5 lessons learned from Knicks’ season-extending win against Heat in Game 5

Jalen Brunson and Quentin Grimes, two guards for New York, each play all 48 minutes and make crucial contributions in the fourth quarter.

There can be no holding back when you’re on the verge of elimination. The New York Knicks’ season was on the line, so on Wednesday night, Game 5 of their Eastern Conference semifinal series against the Miami Heat featured both of its starting guards for the whole 48 minutes. And despite getting little sleep, they all had a strong fourth quarter.

In the fourth session, Jalen Brunson contributed 10 of his team’s 28 points, and Quentin Grimes made the game’s most important defensive play. The Heat had trimmed the Knicks’ 19-point advantage to two points, but New York refused to let their season end, winning 112-103 to send the series back to Miami.

All 48 minutes :

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In the regular season, the New York bench was excellent, but this series has not been kind to them. Immanuel Quickley, the runner-up for the Kia Sixth Man of the Year, has missed the previous two games, so it has also been shorthanded. With Brunson off the court through Game 4, the Knicks have been outscored by 21 points (29.1 per 100 possessions) in 30 minutes.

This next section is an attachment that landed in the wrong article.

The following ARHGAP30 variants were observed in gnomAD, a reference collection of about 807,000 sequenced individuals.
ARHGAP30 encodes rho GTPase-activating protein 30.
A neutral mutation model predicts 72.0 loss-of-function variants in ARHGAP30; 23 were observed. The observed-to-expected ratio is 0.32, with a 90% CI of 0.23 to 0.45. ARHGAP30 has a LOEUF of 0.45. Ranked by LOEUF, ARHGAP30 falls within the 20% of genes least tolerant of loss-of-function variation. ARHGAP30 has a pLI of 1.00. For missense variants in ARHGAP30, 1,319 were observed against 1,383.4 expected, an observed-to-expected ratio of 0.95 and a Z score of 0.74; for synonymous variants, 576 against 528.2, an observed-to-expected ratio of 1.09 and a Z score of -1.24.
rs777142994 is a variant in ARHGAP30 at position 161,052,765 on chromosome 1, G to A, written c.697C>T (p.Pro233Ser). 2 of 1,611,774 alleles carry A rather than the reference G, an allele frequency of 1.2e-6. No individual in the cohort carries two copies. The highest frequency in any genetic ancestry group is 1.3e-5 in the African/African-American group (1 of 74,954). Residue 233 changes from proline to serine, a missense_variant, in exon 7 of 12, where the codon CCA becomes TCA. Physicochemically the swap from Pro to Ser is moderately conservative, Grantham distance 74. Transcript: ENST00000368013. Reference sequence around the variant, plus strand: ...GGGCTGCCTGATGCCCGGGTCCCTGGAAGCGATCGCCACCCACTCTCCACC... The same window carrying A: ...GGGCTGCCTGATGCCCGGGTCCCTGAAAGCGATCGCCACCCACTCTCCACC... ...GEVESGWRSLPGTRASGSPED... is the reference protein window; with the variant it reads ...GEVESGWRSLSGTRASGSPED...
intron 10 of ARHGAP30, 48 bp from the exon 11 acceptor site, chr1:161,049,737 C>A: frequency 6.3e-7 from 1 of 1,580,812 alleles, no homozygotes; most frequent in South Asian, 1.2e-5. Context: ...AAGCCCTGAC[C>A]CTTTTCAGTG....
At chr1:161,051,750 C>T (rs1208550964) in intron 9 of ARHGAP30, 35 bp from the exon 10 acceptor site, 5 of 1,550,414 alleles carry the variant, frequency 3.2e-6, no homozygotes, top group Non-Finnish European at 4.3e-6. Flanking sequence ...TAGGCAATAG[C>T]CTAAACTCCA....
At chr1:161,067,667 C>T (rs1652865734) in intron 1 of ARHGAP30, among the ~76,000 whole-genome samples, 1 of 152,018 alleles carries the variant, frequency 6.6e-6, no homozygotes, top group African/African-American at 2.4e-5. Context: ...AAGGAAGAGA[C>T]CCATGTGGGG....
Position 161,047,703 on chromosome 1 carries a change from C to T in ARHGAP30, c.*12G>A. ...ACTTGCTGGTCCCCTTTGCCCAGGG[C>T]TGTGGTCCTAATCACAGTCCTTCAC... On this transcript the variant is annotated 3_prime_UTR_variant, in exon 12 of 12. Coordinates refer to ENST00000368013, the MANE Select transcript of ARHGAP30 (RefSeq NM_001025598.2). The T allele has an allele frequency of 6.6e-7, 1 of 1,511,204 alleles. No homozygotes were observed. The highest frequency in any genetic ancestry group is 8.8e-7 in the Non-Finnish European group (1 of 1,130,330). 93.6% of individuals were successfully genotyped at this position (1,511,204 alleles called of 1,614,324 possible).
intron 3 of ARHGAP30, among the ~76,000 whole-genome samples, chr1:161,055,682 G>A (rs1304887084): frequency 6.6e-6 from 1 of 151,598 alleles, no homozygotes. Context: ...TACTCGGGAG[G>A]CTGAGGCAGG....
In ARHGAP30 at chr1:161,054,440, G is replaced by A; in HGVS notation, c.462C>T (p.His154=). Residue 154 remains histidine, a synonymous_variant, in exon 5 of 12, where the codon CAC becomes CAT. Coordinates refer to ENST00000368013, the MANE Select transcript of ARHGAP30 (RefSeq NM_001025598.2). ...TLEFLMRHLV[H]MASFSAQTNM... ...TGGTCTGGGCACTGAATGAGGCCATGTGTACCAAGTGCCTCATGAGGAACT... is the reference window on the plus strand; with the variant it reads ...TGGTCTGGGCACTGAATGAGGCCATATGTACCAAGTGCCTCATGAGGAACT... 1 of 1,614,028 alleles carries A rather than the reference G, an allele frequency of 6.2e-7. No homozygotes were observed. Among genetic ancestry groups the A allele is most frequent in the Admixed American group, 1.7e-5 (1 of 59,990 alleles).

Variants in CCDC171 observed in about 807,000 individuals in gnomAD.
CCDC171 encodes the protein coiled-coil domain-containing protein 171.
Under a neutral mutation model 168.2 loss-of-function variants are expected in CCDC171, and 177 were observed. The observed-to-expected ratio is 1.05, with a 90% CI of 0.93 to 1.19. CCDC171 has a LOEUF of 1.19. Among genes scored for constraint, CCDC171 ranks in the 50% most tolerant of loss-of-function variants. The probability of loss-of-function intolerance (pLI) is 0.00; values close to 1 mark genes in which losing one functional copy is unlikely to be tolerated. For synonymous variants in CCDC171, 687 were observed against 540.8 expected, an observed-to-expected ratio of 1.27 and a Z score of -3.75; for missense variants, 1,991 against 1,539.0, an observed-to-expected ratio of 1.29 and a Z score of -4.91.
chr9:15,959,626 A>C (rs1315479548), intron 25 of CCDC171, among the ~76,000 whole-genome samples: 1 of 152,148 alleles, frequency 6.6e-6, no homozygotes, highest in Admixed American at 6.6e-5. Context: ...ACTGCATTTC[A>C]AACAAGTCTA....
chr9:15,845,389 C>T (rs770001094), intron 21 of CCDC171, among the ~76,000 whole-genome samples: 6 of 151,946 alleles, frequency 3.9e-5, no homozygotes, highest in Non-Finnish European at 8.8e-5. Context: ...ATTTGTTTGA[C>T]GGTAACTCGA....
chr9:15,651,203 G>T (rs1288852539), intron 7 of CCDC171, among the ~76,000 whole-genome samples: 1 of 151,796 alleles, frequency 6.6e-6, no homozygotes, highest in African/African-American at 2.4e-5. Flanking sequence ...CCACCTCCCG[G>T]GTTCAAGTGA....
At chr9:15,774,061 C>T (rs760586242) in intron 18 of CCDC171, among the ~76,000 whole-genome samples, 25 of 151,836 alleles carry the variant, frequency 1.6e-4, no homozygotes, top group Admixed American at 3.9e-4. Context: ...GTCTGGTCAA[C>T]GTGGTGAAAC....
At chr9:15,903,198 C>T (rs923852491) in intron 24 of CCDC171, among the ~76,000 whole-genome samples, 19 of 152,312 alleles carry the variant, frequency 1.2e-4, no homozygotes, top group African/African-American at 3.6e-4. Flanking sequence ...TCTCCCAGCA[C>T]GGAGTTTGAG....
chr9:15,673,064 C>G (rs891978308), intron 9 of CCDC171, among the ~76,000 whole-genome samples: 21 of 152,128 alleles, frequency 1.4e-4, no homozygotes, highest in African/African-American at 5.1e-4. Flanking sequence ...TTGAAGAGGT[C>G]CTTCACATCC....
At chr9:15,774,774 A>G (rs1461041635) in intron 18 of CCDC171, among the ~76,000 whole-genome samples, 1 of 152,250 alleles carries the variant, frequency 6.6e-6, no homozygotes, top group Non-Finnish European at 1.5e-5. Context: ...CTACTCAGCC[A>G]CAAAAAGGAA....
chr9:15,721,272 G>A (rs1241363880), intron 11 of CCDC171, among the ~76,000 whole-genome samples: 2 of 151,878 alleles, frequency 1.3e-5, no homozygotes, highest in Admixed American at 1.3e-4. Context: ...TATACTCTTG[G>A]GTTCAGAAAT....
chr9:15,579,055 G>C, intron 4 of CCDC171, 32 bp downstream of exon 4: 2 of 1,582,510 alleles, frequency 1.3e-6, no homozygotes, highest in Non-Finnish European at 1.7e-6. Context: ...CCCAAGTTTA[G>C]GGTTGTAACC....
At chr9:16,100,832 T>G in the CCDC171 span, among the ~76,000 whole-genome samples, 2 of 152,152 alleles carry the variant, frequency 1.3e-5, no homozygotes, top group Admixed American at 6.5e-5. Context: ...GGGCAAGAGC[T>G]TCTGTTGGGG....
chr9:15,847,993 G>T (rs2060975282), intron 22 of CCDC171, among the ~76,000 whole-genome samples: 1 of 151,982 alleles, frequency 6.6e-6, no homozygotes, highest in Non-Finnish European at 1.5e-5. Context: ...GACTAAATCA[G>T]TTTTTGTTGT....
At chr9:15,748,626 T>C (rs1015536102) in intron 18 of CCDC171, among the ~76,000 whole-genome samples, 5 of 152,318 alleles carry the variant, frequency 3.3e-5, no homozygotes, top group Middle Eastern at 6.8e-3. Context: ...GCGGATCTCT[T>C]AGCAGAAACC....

To address the issue, Thibodeau decided to keep Brunson on the court for the entire game. Brunson, the Knicks’ star, recorded an impressive stat line of 38 points, nine rebounds, and seven assists. He made a crucial pick-and-roll pull-up three-pointer, extending the Knicks’ lead by seven points with 7:30 remaining. In addition, he nailed an isolation pull-up two-pointer, giving them a six-point lead with 4:10 left. Brunson showcased his endurance and remained impactful in the fourth quarter.

Although Brunson may be a defensive liability and Thibodeau is a defense-first coach, the latter was about as effusive about his star player as a coach can be following a strenuous and demanding performance.

“The thing I love about him is you prepare yourself for that,” Thibodeau said. “I’ve never seen anyone work the way he does. And he does it in front of everyone. He does it in our gym, does it all summer long. He does it at a game speed. He never has to adjust in a game because of the way he prepares himself. He conditions himself to play big minutes. Just a tremendous leader.”

successful second quarter

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The Heat won the second quarter by at least five points in each of the first four games of this series. The Knicks were down 10 in the first 12 minutes of the game after scoring just 14 points on 22 first-quarter possessions. If that success had continued, they would have been in a serious hole at halftime.